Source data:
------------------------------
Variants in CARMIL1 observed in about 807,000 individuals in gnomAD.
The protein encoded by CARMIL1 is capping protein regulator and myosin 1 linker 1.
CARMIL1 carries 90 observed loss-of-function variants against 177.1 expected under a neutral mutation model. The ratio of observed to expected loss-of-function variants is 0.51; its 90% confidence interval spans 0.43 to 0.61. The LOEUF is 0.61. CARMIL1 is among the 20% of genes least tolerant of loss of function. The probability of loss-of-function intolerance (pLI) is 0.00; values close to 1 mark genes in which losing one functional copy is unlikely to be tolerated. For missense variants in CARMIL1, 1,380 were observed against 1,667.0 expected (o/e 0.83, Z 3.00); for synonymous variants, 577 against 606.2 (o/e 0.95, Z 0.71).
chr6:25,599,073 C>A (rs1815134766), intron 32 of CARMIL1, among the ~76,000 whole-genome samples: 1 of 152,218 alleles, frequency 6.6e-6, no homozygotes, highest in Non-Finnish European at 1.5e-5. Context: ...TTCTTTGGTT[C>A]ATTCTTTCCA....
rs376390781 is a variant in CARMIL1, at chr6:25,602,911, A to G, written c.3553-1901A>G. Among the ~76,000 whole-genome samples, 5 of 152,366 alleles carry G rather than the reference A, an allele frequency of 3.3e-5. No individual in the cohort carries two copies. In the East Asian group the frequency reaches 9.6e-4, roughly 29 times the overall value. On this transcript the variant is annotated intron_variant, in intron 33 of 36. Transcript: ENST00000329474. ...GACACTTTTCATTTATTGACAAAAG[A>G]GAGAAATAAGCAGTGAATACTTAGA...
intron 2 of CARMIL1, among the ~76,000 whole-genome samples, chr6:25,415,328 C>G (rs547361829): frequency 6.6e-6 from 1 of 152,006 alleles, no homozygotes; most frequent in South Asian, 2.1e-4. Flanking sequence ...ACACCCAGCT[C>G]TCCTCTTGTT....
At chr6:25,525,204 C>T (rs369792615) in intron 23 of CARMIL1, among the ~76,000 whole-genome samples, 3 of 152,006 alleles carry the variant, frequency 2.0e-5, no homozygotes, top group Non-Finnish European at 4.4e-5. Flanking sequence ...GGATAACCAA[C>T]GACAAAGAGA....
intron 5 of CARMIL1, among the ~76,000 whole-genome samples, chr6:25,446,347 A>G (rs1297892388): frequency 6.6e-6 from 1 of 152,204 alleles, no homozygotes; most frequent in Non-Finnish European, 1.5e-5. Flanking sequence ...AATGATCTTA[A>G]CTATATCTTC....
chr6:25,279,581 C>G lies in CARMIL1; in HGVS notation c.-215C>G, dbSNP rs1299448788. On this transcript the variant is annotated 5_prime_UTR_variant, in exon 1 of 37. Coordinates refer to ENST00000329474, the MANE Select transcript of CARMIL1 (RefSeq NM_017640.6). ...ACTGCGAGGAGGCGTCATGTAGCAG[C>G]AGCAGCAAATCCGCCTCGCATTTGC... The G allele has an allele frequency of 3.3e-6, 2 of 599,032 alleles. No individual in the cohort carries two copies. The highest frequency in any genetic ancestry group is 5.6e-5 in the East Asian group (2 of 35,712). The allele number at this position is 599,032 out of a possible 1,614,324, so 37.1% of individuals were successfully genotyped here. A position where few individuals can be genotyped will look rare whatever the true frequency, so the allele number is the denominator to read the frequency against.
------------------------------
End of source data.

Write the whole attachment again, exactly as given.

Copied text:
Variants in CARMIL1 observed in about 807,000 individuals in gnomAD.
The protein encoded by CARMIL1 is capping protein regulator and myosin 1 linker 1.
CARMIL1 carries 90 observed loss-of-function variants against 177.1 expected under a neutral mutation model. The ratio of observed to expected loss-of-function variants is 0.51; its 90% confidence interval spans 0.43 to 0.61. The LOEUF is 0.61. CARMIL1 is among the 20% of genes least tolerant of loss of function. The probability of loss-of-function intolerance (pLI) is 0.00; values close to 1 mark genes in which losing one functional copy is unlikely to be tolerated. For missense variants in CARMIL1, 1,380 were observed against 1,667.0 expected (o/e 0.83, Z 3.00); for synonymous variants, 577 against 606.2 (o/e 0.95, Z 0.71).
chr6:25,599,073 C>A (rs1815134766), intron 32 of CARMIL1, among the ~76,000 whole-genome samples: 1 of 152,218 alleles, frequency 6.6e-6, no homozygotes, highest in Non-Finnish European at 1.5e-5. Context: ...TTCTTTGGTT[C>A]ATTCTTTCCA....
rs376390781 is a variant in CARMIL1, at chr6:25,602,911, A to G, written c.3553-1901A>G. Among the ~76,000 whole-genome samples, 5 of 152,366 alleles carry G rather than the reference A, an allele frequency of 3.3e-5. No individual in the cohort carries two copies. In the East Asian group the frequency reaches 9.6e-4, roughly 29 times the overall value. On this transcript the variant is annotated intron_variant, in intron 33 of 36. Transcript: ENST00000329474. ...GACACTTTTCATTTATTGACAAAAG[A>G]GAGAAATAAGCAGTGAATACTTAGA...
intron 2 of CARMIL1, among the ~76,000 whole-genome samples, chr6:25,415,328 C>G (rs547361829): frequency 6.6e-6 from 1 of 152,006 alleles, no homozygotes; most frequent in South Asian, 2.1e-4. Flanking sequence ...ACACCCAGCT[C>G]TCCTCTTGTT....
At chr6:25,525,204 C>T (rs369792615) in intron 23 of CARMIL1, among the ~76,000 whole-genome samples, 3 of 152,006 alleles carry the variant, frequency 2.0e-5, no homozygotes, top group Non-Finnish European at 4.4e-5. Flanking sequence ...GGATAACCAA[C>T]GACAAAGAGA....
intron 5 of CARMIL1, among the ~76,000 whole-genome samples, chr6:25,446,347 A>G (rs1297892388): frequency 6.6e-6 from 1 of 152,204 alleles, no homozygotes; most frequent in Non-Finnish European, 1.5e-5. Flanking sequence ...AATGATCTTA[A>G]CTATATCTTC....
chr6:25,279,581 C>G lies in CARMIL1; in HGVS notation c.-215C>G, dbSNP rs1299448788. On this transcript the variant is annotated 5_prime_UTR_variant, in exon 1 of 37. Coordinates refer to ENST00000329474, the MANE Select transcript of CARMIL1 (RefSeq NM_017640.6). ...ACTGCGAGGAGGCGTCATGTAGCAG[C>G]AGCAGCAAATCCGCCTCGCATTTGC... The G allele has an allele frequency of 3.3e-6, 2 of 599,032 alleles. No individual in the cohort carries two copies. The highest frequency in any genetic ancestry group is 5.6e-5 in the East Asian group (2 of 35,712). The allele number at this position is 599,032 out of a possible 1,614,324, so 37.1% of individuals were successfully genotyped here. A position where few individuals can be genotyped will look rare whatever the true frequency, so the allele number is the denominator to read the frequency against.